2. Le Creuset Cool Tool — it’s designed as a trivet, and I don’t know if the ridges would work for you or not. 8″ in diameter and heat resistant to 482 degrees F. (250 C.) I have one and it’s definitely non-slip as anything silicone is.

      If you get one of these, or something else, I’d love to hear back about how it works!

      -Carolyn

  • Susan Parker
    Posted at 06 September 2012 Reply

    I keep a stash of those square silicone pot holders on board. They work great as a non slip solution. I use one under our cat Mickey’s water bowl. I use several on the galley table to prevent dishes and pans from maring or burning the table top and to hold them in place.

  • Debra Perfitt on Facebook
    Posted at 28 October 2012 Reply

    Great tips. Thanks

  • Theresa Wright Williams on Facebook
    Posted at 28 October 2012 Reply

    Thanks for the great ideas. VALUABLE!

  • Lavinia Maggs
    Posted at 18 June 2013 Reply

    Carolyn- the previous owners used some sort of “putty” to affix a picture and lightweight metal sculpture wall art to our walls of our trawler. It was quite secure – grey in color, hardened and removed without marking the wall. I cannot figure out what this product was – but it was great and better than Velco in this instance. Do you have any idea what this product is?

    • Brigitte Hanes
      Posted at 23 August 2013 Reply

      I use Museum Putty. It’s clear. Works like a champ.

      • Lavinia
        Posted at 03 September 2013 Reply

        Thanks Brigitte! Is that something I can get through Amazon? I’m currently in Trinidad.

        • Carolyn Shearlock
          Posted at 03 September 2013 Reply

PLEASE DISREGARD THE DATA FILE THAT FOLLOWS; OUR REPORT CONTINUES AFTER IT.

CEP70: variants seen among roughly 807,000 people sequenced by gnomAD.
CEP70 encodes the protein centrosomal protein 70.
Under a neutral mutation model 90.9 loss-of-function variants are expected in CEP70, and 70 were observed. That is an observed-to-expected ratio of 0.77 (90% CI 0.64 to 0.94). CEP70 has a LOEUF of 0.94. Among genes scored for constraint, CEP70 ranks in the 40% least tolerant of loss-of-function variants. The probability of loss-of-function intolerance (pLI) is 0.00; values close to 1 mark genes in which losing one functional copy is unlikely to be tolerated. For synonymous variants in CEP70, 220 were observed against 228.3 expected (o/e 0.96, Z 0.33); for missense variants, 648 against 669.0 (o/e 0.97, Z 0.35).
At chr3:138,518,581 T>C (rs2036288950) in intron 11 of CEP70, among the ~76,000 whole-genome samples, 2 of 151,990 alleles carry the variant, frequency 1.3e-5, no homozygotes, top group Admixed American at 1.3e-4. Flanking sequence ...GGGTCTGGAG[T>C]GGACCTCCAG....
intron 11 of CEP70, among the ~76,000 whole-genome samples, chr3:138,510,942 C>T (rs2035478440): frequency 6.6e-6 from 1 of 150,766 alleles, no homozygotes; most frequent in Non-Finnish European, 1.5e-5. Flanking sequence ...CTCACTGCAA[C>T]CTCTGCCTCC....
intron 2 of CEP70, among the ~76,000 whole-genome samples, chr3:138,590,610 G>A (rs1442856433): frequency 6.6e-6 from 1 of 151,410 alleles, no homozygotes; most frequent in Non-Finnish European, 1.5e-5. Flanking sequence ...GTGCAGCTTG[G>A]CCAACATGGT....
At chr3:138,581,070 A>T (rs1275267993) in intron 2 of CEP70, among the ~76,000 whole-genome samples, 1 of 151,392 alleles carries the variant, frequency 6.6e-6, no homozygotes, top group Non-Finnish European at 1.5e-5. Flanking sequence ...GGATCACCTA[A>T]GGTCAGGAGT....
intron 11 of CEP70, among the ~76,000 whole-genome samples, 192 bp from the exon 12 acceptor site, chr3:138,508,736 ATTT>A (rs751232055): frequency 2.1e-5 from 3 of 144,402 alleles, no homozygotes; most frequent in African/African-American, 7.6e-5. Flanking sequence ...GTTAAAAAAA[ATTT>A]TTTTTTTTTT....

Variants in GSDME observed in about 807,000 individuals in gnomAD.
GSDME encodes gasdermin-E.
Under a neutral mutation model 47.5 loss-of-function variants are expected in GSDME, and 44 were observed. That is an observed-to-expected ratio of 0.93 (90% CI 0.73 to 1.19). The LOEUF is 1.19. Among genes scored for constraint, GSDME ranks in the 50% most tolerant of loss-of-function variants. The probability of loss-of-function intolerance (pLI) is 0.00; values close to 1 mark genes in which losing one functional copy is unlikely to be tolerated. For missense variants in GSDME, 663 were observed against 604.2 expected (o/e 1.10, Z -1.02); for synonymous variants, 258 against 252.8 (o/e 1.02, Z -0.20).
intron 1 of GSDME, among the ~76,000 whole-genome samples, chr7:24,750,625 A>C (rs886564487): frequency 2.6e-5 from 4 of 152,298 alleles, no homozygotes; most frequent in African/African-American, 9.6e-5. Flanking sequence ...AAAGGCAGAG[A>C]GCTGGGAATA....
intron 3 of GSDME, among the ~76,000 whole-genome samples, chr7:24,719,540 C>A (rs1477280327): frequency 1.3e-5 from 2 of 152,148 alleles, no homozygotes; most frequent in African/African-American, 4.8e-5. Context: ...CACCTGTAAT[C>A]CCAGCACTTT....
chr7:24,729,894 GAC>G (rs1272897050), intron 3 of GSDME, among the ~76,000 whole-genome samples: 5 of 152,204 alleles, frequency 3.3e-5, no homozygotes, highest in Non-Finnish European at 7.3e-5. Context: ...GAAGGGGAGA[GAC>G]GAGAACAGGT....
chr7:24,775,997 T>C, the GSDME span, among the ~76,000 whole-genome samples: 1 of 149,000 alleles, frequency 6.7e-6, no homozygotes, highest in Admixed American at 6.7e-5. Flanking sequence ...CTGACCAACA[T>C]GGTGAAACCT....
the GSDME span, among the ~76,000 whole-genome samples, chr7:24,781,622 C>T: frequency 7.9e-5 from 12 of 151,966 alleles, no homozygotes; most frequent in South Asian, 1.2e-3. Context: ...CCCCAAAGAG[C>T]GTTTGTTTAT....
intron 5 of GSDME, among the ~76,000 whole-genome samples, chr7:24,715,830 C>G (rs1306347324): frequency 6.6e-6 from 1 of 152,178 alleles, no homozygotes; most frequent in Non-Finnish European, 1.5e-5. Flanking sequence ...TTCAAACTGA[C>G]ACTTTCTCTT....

Amazon has several different brands — Museum Putty and Earthquake Putty are the same thing. Here’s the link to their best selling one (you have to be buying something else as otherwise the the shipping is cost-prohibitive): http://www.amazon.com/dp/B0002VA9NA/?tag=theboagal0a-20

          Here’s the same thing in a buy-by-itself version (it’s slightly more expensive): http://www.amazon.com/dp/B000FJU290/?tag=theboagal0a-20

          I used a lot of Poster Putty on the boat because I’d never heard of Earthquake Putty before meeting some cruisers from California, but the Earthquake Putty/Museum Putty holds a lot better.

  • Linda
    Posted at 30 September 2014 Reply

    Carolyn,
    I am looking for a thin solid rubber pad to fit my oval dining table (1) to keep the table cloth from slipping and (2) to protect the wood from spills. I envision a material like a thin yoga mat or possibly the old flat rubber crib mattress pads that had a soft coating. I don’t have space to store the cumbersome custom table pads. Do you have such a material that I could cut to a 42″ by 104″ oval size?

    • Carolyn Shearlock
      Posted at 01 October 2014 Reply

      I’d probably look for a waterproof mattress cover and cut it to size. The 106″ long makes it tough; you might have to make it in two pieces that would overlap where they lay on the table. I have this mattress cover and I think it would work well for what you want: http://amzn.to/1JKAzMW

  • Cheryl
    Posted at 11 June 2015 Reply